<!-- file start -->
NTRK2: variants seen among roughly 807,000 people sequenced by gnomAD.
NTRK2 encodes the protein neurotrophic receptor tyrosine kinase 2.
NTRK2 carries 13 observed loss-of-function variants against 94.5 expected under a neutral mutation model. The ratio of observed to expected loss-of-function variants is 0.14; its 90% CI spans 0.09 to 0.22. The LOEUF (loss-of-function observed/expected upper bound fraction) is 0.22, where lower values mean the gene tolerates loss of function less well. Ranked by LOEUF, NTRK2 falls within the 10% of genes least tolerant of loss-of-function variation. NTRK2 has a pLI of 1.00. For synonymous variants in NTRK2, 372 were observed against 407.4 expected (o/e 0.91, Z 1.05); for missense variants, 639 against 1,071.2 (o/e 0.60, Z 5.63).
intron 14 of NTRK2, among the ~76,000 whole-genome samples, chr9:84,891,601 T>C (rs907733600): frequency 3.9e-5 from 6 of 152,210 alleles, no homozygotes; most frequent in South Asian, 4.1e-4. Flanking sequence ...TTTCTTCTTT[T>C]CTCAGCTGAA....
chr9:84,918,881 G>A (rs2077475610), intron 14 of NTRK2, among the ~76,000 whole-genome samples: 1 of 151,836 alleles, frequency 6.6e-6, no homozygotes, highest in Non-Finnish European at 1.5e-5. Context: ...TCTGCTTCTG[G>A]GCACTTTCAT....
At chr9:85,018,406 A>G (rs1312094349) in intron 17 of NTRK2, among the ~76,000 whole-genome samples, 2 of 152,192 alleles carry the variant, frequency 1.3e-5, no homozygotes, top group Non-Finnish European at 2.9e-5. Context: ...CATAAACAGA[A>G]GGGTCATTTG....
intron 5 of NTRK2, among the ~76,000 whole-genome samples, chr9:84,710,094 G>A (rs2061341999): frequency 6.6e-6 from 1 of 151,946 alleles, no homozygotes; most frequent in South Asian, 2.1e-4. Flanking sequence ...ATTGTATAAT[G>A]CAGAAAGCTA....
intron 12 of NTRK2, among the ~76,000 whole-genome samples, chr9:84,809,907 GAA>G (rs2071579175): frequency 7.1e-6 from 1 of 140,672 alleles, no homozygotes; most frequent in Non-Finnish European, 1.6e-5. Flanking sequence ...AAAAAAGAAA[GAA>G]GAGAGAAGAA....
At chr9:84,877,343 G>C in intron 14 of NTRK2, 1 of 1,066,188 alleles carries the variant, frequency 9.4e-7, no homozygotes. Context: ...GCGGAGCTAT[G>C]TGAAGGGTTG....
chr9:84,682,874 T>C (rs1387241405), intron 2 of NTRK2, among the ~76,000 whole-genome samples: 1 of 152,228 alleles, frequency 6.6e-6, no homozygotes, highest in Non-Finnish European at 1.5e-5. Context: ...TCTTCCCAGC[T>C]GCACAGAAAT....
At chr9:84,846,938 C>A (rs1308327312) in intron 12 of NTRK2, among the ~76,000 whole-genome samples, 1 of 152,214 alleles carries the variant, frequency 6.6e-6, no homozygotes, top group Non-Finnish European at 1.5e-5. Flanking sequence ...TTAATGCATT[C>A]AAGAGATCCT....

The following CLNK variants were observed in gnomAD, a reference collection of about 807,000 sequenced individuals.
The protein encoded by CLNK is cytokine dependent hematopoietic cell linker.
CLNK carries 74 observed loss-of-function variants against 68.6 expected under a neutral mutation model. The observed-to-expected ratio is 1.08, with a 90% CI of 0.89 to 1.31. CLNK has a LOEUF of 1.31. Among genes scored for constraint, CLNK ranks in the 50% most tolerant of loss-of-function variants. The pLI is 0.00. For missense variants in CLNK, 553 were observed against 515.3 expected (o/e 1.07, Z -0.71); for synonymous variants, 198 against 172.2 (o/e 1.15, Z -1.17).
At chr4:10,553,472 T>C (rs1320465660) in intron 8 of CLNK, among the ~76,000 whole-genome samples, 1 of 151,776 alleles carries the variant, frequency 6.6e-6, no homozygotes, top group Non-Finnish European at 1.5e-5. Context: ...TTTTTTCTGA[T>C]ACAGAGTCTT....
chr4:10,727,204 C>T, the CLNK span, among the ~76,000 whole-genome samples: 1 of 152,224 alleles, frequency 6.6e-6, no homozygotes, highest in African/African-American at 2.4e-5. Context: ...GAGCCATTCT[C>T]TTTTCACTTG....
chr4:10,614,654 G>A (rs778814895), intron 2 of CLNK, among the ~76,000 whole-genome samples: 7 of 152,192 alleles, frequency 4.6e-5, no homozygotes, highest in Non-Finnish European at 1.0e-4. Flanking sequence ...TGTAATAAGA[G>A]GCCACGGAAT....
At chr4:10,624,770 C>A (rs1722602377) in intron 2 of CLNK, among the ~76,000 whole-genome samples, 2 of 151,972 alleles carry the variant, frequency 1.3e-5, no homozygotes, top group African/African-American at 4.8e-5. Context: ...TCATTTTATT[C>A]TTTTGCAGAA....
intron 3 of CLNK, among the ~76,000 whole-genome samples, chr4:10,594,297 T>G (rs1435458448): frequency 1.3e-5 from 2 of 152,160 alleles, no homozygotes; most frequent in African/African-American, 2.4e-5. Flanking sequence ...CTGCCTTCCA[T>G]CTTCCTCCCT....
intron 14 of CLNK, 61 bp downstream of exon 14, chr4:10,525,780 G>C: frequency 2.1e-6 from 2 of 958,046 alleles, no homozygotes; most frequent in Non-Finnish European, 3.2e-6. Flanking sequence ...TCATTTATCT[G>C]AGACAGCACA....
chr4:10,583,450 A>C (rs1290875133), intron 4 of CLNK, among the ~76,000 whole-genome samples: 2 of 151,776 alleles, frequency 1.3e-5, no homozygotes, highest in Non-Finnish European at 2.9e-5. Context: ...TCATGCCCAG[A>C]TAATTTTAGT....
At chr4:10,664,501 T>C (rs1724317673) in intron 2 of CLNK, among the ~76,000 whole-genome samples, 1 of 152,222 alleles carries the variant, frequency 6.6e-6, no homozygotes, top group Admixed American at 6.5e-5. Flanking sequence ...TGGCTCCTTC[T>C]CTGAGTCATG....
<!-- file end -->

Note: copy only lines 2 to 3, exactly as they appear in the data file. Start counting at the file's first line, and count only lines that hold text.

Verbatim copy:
NTRK2 encodes the protein neurotrophic receptor tyrosine kinase 2.
NTRK2 carries 13 observed loss-of-function variants against 94.5 expected under a neutral mutation model. The ratio of observed to expected loss-of-function variants is 0.14; its 90% CI spans 0.09 to 0.22. The LOEUF (loss-of-function observed/expected upper bound fraction) is 0.22, where lower values mean the gene tolerates loss of function less well. Ranked by LOEUF, NTRK2 falls within the 10% of genes least tolerant of loss-of-function variation. NTRK2 has a pLI of 1.00. For synonymous variants in NTRK2, 372 were observed against 407.4 expected (o/e 0.91, Z 1.05); for missense variants, 639 against 1,071.2 (o/e 0.60, Z 5.63).